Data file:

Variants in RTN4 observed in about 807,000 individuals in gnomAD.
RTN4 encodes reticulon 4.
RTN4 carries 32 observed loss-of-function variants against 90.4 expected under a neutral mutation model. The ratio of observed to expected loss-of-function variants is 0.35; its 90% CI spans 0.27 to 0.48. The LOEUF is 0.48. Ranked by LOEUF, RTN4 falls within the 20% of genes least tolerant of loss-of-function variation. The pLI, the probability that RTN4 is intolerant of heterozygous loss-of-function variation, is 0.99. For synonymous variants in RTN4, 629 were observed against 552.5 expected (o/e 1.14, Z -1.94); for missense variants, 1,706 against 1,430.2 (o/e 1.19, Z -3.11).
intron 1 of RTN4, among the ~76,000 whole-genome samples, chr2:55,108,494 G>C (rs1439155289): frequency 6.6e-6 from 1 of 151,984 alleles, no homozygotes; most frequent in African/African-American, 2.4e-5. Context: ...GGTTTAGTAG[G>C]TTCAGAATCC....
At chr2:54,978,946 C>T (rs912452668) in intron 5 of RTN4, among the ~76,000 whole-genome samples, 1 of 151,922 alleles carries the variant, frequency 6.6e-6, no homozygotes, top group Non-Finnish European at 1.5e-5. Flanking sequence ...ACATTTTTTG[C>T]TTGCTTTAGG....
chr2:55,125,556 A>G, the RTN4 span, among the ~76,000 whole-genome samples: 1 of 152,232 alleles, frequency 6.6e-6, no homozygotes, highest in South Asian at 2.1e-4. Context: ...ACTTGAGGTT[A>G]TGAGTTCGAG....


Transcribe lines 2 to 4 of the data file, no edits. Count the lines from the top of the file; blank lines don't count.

RTN4 encodes reticulon 4.
RTN4 carries 32 observed loss-of-function variants against 90.4 expected under a neutral mutation model. The ratio of observed to expected loss-of-function variants is 0.35; its 90% CI spans 0.27 to 0.48. The LOEUF is 0.48. Ranked by LOEUF, RTN4 falls within the 20% of genes least tolerant of loss-of-function variation. The pLI, the probability that RTN4 is intolerant of heterozygous loss-of-function variation, is 0.99. For synonymous variants in RTN4, 629 were observed against 552.5 expected (o/e 1.14, Z -1.94); for missense variants, 1,706 against 1,430.2 (o/e 1.19, Z -3.11).
intron 1 of RTN4, among the ~76,000 whole-genome samples, chr2:55,108,494 G>C (rs1439155289): frequency 6.6e-6 from 1 of 151,984 alleles, no homozygotes; most frequent in African/African-American, 2.4e-5. Context: ...GGTTTAGTAG[G>C]TTCAGAATCC....